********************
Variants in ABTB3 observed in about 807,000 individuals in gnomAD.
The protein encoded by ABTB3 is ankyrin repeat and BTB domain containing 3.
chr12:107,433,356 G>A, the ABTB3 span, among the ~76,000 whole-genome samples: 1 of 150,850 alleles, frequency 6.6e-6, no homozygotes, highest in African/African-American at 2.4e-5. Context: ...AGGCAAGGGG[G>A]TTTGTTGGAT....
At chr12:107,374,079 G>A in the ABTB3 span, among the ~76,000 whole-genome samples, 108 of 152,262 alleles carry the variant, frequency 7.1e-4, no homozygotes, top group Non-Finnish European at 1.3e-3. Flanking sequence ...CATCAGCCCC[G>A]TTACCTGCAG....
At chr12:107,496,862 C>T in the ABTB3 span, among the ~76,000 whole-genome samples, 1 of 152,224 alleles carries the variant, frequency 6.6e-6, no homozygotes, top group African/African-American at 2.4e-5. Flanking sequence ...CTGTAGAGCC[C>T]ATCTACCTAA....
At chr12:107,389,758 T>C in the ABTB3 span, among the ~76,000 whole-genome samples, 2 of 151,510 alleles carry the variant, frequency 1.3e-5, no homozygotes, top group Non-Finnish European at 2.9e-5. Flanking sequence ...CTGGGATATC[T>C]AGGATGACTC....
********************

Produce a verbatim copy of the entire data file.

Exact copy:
Variants in ABTB3 observed in about 807,000 individuals in gnomAD.
The protein encoded by ABTB3 is ankyrin repeat and BTB domain containing 3.
chr12:107,433,356 G>A, the ABTB3 span, among the ~76,000 whole-genome samples: 1 of 150,850 alleles, frequency 6.6e-6, no homozygotes, highest in African/African-American at 2.4e-5. Context: ...AGGCAAGGGG[G>A]TTTGTTGGAT....
At chr12:107,374,079 G>A in the ABTB3 span, among the ~76,000 whole-genome samples, 108 of 152,262 alleles carry the variant, frequency 7.1e-4, no homozygotes, top group Non-Finnish European at 1.3e-3. Flanking sequence ...CATCAGCCCC[G>A]TTACCTGCAG....
At chr12:107,496,862 C>T in the ABTB3 span, among the ~76,000 whole-genome samples, 1 of 152,224 alleles carries the variant, frequency 6.6e-6, no homozygotes, top group African/African-American at 2.4e-5. Flanking sequence ...CTGTAGAGCC[C>T]ATCTACCTAA....
At chr12:107,389,758 T>C in the ABTB3 span, among the ~76,000 whole-genome samples, 2 of 151,510 alleles carry the variant, frequency 1.3e-5, no homozygotes, top group Non-Finnish European at 2.9e-5. Flanking sequence ...CTGGGATATC[T>C]AGGATGACTC....